The Derivative Condition: An inquiry into the History of the Future at Present
The thesis revisits the innovations that have reshaped financial markets since the 1970s in order to access their contemporary role as a world-producing apparatus. It investigates the revolution brought about by what I term the quantitative turn in finance, which has not only shaped the space-time of the market but also those of politics and social relations. The future emerges today within a derivative paradigm – the implementation of information-based, algorithmic processes, scientific modelling and mathematics in a constant, recalibrated stream that traces, evaluates, and exploits the myriads of expectations and projections, desires and anxieties that make up the world-in-becoming.
The financial equivalent to the production of value is the production of risk – a fully future-oriented, randomized, probabilistic anticipation in which the qualitative notion of value (trust based on a past) has no place and is re-placed by the quantitative number of price (the thrust to pure future). Hence, the promise of history succumbs to a quantitative archive of data whose only “sense” is to produce the promise of possible futures at present. The thesis argues that the derivative paradigm by the power given to financial markets has effectively been re-orienting not only market relations but also those of humans and nonhumans alike. As this derivative condition includes every underlying and derivative (all expectations traded) in their entire complex and volatile interrelation, the market regime – embodying the neoliberal framework of social relations, bond and trust – expands the derivative paradigm into society and onto the contingent becoming of subjectivities.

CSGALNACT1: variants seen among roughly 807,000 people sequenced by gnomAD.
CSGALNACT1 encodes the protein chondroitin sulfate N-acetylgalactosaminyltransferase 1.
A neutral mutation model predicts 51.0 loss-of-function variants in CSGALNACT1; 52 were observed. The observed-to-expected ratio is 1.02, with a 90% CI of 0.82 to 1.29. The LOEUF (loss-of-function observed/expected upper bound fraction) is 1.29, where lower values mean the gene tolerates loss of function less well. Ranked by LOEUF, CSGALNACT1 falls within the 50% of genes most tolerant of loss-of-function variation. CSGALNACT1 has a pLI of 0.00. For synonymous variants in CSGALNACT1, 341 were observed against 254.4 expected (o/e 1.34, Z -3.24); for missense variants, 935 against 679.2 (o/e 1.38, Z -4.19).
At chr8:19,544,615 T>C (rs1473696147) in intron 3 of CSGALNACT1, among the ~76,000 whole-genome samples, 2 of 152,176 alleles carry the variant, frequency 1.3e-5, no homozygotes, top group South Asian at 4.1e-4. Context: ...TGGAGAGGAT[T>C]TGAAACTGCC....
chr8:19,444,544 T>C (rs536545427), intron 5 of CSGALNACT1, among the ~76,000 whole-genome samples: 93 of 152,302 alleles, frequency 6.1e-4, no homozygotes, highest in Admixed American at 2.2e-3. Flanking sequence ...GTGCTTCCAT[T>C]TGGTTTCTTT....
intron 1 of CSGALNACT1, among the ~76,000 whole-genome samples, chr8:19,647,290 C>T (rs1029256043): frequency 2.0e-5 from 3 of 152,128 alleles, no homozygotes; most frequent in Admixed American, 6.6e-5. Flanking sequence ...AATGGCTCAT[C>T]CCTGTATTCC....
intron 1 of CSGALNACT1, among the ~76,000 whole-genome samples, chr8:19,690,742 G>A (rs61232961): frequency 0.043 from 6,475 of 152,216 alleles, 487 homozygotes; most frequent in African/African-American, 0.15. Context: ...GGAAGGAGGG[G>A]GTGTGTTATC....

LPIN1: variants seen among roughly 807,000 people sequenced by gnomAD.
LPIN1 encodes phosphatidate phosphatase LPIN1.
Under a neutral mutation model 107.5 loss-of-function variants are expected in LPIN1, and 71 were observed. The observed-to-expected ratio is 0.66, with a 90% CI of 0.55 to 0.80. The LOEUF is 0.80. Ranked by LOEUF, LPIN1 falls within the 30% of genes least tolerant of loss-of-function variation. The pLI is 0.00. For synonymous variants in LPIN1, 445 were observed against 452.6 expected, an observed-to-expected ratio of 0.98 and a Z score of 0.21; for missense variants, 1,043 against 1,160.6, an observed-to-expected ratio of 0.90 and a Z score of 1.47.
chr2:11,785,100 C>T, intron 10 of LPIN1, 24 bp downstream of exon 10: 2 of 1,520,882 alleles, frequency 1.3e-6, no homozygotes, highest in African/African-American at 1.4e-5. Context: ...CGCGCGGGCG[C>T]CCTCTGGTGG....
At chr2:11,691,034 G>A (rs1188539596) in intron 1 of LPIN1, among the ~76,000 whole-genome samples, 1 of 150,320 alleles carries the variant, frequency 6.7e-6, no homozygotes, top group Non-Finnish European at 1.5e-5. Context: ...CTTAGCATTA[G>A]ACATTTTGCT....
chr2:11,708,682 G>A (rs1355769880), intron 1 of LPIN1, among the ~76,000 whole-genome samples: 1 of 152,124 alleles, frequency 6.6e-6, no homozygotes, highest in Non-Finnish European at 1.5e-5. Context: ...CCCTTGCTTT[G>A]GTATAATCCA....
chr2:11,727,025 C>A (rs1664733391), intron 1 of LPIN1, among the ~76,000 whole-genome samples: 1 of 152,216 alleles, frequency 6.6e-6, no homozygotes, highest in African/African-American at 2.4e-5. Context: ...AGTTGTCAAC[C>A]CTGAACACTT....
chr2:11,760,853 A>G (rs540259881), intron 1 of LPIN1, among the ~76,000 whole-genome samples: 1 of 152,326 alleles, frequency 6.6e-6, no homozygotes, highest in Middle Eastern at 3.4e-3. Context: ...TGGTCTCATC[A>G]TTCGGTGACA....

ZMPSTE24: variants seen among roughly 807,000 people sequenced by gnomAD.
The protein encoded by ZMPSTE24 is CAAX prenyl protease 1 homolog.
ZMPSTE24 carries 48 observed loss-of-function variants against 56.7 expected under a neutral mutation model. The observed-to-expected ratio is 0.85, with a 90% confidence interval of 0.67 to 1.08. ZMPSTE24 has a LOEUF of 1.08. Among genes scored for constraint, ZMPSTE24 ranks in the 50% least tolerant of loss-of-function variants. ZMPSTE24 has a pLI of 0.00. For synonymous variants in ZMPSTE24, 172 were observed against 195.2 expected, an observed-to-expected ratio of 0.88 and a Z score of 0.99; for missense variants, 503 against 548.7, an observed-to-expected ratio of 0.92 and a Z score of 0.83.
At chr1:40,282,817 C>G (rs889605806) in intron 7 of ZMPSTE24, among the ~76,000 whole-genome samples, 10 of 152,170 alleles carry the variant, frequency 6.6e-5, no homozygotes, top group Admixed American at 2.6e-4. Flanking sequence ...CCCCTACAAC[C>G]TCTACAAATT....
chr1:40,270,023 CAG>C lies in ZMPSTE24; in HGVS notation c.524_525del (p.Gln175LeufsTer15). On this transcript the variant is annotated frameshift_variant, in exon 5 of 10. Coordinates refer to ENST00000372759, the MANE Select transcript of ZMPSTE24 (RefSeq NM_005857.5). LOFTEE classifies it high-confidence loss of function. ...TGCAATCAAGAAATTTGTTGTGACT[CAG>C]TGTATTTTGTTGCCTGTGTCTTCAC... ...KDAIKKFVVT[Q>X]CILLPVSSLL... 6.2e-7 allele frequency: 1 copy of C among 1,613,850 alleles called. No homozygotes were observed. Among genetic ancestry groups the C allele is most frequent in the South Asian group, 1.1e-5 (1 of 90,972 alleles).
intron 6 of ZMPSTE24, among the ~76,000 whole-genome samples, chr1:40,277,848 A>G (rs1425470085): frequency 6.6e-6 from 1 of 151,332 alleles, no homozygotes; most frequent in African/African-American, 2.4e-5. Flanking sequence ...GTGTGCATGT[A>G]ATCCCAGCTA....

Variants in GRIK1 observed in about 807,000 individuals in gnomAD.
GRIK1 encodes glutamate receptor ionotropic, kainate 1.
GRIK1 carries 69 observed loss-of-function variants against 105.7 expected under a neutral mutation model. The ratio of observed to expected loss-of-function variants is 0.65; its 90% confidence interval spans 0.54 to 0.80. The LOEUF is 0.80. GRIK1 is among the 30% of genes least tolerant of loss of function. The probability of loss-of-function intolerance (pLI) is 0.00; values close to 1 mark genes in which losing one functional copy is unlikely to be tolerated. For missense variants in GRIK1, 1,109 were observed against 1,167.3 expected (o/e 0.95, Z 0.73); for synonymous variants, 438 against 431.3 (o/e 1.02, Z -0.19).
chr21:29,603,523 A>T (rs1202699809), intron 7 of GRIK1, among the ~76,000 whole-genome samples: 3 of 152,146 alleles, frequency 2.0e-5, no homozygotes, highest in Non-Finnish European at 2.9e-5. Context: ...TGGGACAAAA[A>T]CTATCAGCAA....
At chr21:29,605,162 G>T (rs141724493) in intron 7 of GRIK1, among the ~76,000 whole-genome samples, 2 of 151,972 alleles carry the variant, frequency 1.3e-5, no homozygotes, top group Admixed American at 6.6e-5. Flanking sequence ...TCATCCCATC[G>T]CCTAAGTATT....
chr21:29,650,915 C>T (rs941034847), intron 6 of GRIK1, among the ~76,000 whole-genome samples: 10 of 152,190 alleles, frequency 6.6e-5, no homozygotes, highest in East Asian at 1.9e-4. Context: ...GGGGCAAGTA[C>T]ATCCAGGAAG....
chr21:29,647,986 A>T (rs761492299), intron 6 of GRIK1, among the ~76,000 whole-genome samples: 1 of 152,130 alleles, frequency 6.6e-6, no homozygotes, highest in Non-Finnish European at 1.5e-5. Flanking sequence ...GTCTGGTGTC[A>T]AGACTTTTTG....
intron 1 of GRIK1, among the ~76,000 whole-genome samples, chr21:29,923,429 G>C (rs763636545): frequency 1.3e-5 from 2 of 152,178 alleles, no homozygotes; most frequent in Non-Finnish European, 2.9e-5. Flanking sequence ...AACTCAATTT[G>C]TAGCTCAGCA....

While the theoretical part of the thesis delivers a critique of the derivative condition, the practice part engages in an artistic project that foregrounds the question of an aesthetics of resolution. With an ambivalent, contingent and marginal figure at its heart – the renegade (a traitor inside and an educator outside systems) – it combines the varied meanings of the term resolution – from technology to visualization techniques and norms; from knowledge-production to decision-making; and from discretionary competence to joint convention – to propose a multi-layered and transdisciplinary practice for rearranging (acting) against the black box. By creating narrative instabilities and their resolutions, it works towards a renegade solidarity that coagulates dissent into insurrection and thus creates potential for profound socio-political change.
The ultimate question from which both the theoretical and the practice part of the thesis nevertheless originate is whether derivatives are a technology of the future and ultimately a form of matter not restricted to capitalism – as the financial engineer and philosopher Elie Ayache claims – and if therefore the derivative – in its double-incarnation as technology and social relation – can act as an open(-source) agency against the exploitation of profit, the redistribution of wealth and the paradigm of growth; to instead nurture the values, needs and expectations of those inhabiting complex systems and societies. In other words, will the derivative survive capitalism to serve a future commonism and its shared and embodied unpredictable risks?